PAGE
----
A sample of Boldit's Future Teak product

THE NETHERLANDS, Hendrik Ido Ambacht. In February of this year we reported on Bolidt’s 50th anniversary. In celebration of this milestone, the Dutch synthetic specialist invited a small group of journalists to visit its headquarters and to meet some of its key partners within the maritime sector.

We arrived at Bolidt’s HQ by water taxi, which was a fun change from the usual airport minibus or car journey from Rotterdam airport. As we walked towards the main entrance to its facilities, press and media relations manager Margriet Lommers pointed out Bolidt’s new development, which faces the Noord river. “At the moment we are finishing a temporary structure, which is where we will host a party to celebrate our 50th anniversary,” she said. “It will be used as our Bolidt experience workshop until we get the go ahead to build our new experience centre. This is an important development following the refurbishment of our offices, as we invite interested parties such as designers to come to our facilities to see the possibilities and options available when using our products.”

Bolidt's refurbished offices

“We will begin work on a new experience centre in two or three years time, and we want to open a new virtual reality centre which will support our global sales effort,” said Bolidt’s CEO Rientz W Bol in his welcoming speech. He explained how the company is known for its resin flooring solutions and have applied their products to projects within the healthcare and building sectors, and of course within the marine industry.

The first presentation of the day came from Jacco van Overbeek, director of Bolidt’s global shipbuilding division. He revealed that 50 per cent of the company’s turnover comes from its marine division and that at the time of our visit, of its 36 projects ranging from cruise ships and ferries to navy and fishing vessels, Bolidt was working on four superyachts. Along with reviewing a few of its products, van Overbeek highlighted the importance of improving its products. "Developing sustainable and environmentally friendly products is important to us,” he said. “We tend to renew our decking on vessels every four to six years depending on what product it is and the type of vessel it has been fitted on. Our Future Teak for example has been around for nine years now and we’ve not had to replace or renew it yet.”

Jacco van Overbeek

Van Overbeek revealed Bolidt's aim to develop intelligent products that are energy saving in terms of insulation and heat deflection, but also energy producing. “The future is in innovation and improvement, and so we are looking at products that offer the opportunity to generate energy by simply walking on it or by harnessing solar energy,” he added.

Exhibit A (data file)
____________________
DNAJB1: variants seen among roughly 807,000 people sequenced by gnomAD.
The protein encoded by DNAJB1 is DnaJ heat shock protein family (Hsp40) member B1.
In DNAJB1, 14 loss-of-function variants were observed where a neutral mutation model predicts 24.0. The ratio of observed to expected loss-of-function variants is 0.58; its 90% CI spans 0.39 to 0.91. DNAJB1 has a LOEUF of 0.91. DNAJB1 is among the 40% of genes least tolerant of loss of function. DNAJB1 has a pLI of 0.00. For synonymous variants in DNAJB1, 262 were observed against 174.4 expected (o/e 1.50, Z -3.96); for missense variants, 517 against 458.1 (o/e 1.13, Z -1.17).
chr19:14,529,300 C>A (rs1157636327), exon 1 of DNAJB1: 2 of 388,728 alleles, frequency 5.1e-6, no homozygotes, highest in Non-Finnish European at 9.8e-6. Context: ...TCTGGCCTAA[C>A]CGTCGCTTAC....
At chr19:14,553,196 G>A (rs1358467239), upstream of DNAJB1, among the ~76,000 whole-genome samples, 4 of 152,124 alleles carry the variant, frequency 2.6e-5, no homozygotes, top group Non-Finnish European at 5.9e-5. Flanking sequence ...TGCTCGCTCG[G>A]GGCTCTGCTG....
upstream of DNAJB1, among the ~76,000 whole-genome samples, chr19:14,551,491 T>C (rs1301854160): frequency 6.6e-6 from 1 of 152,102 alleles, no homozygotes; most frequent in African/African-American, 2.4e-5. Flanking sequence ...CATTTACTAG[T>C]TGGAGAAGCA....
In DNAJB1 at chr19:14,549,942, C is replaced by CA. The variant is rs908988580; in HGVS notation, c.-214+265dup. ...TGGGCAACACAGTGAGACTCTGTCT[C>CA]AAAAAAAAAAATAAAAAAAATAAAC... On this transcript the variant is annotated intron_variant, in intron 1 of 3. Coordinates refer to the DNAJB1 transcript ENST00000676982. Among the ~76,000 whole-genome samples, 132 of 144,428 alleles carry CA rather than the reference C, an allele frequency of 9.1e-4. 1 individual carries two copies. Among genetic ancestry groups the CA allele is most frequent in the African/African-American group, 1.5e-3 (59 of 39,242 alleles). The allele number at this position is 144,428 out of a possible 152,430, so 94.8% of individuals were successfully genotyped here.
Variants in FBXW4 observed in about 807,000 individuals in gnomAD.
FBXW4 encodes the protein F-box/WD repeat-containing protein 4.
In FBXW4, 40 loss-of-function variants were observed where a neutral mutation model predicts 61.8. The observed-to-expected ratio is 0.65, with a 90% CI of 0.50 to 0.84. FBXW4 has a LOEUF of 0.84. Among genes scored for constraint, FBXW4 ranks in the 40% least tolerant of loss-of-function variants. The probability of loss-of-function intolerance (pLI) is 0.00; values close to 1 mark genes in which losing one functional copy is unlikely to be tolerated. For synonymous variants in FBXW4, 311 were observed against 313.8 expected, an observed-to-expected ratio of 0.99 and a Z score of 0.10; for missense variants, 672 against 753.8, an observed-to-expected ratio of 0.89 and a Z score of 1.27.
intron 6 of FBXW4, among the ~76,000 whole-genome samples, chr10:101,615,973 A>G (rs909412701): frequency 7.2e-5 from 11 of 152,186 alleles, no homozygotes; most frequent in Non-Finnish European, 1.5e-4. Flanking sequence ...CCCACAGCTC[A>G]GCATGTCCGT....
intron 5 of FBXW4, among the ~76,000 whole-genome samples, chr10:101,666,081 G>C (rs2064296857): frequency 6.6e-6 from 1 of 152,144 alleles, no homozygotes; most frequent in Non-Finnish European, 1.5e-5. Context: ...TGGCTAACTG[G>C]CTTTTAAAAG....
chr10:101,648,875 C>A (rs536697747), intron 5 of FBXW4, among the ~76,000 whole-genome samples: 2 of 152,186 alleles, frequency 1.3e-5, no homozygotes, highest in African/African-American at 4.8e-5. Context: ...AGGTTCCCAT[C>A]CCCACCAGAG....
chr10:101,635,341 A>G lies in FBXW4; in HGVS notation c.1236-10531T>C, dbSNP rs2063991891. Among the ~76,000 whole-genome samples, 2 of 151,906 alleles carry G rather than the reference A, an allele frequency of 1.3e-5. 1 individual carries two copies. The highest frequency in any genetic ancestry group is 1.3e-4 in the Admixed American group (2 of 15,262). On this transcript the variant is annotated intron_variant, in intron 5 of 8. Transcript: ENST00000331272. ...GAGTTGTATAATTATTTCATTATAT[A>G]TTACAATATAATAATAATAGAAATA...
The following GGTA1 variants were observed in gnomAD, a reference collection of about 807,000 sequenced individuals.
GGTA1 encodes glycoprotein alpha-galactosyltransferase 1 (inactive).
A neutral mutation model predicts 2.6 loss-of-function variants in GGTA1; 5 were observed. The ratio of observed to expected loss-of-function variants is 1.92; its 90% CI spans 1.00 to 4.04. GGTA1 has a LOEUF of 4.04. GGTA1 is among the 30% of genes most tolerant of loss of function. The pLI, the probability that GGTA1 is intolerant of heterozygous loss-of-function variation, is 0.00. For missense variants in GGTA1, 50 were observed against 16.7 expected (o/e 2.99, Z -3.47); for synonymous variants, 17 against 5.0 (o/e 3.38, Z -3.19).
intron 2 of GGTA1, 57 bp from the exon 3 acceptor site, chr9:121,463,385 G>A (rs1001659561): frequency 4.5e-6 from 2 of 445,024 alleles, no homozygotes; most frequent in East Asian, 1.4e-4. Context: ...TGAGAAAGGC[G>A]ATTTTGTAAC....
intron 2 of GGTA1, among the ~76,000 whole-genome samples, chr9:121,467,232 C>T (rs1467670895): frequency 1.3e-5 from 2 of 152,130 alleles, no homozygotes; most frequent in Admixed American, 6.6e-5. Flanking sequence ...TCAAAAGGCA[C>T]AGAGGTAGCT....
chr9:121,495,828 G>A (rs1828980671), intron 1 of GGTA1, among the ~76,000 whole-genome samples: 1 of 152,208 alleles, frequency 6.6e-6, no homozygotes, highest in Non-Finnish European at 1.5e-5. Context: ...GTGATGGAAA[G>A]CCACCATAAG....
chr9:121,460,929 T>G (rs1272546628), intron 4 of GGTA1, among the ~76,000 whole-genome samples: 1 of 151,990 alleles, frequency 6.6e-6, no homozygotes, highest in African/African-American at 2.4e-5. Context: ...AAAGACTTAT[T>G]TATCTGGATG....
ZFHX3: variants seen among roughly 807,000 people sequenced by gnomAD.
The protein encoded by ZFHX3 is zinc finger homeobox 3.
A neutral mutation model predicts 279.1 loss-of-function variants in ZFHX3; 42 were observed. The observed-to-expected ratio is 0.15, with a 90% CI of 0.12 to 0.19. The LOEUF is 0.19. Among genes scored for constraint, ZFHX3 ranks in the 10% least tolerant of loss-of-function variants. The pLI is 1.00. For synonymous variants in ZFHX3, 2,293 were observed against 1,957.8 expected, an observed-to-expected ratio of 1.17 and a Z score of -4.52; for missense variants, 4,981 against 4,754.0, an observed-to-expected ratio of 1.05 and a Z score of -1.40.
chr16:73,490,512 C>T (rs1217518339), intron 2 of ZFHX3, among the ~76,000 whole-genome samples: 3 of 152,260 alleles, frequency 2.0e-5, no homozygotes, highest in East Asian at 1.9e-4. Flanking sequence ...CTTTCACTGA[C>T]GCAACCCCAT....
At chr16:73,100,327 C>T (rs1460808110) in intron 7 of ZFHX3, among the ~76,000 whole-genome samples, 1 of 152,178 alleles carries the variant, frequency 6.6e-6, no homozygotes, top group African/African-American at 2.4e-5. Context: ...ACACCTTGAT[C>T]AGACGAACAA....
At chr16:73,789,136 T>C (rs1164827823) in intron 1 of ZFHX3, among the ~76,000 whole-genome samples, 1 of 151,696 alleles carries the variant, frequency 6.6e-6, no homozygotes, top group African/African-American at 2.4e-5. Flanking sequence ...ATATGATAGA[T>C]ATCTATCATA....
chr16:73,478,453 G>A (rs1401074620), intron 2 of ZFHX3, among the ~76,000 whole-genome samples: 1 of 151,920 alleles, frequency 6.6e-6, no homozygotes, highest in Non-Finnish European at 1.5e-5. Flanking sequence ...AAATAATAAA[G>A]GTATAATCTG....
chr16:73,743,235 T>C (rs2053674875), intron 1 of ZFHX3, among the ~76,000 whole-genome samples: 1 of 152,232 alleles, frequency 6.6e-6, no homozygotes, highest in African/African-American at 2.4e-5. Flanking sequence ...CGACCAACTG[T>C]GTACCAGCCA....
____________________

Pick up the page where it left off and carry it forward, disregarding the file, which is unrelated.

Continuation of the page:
Paul de Ruijter

Head of R&D at Bolidt Paul de Ruijter took the group on a tour of its lab where he and his team explore and test new materials and applications. He provided an overview of the machines and methods used to test new products, while showing how certain colours are achieved. This was promptly followed by a presentation from Thomas Weigend from Meyer Werft. The sales and product development manager provided an overview of the shipyard’s facilities, which includes a hall 504m long, 125m wide and 75m tall. He explained the importance of efficiency within the yard's cruise ship production line, which takes as little as 16 minutes to manufacture a single cabin thanks to its automated modular system. Weigend also touched on the state of the market and the threat of Chinese competitors before presenting a new 120m, 170m and a 250m motoryacht concept, as the yard begins to push into the superyacht market, having only built four superyachts to date.

Thomas Weigend

“We are looking at the superyacht market carefully,” Weigend said. “One reason for this is because cruise ships are growing in size, which means we haven’t used our small covered building dock for a while. However, it is a nice facility that has the capacity to build up to 300m, which is smaller than the biggest yacht currently on water, so there is potential here.”

Fredrik Johansson

The growing size of cruise ships provides interesting opportunities for designer, as partner and art director at Tillberg Design Fredrik Johansson highlighted during his presentation. The designer offered insight into current trends and explained that there was much more to a cruise ship  than simply building as many cabins on board as possible. "Cruise ship owners try to make the most of open deck space areas with less traditional ideas," he said. “There is much more design involved today than there was ten years ago.”

Mark Vermeulen

The last speaker of the day was Mark Vermeulen from Damen, who discussed the benefits and potential of support vessels such as the Sea Axe, which is available as a 43m, 53m, 58m and 67m. Thanks to the qualities, design opportunities and durability of Bolidt’s products, many of Damen's projects feature Esthec on the exterior and interior. Vermeulen also revealed that his team is exploring a larger version of the Sea Axe model. “We've received a lot of interest for a bigger version of the Sea Axe to accommodate more toys and possible refueling capabilities,” he said. “And so we are currently developing an 85m version."

Bolidt's R&D department

The day concluded in the R&D lab, where the press was invited to play and experiment with various coloured resins.

Related Links:
Meyer Werft
Tillberg Design AB-Sweden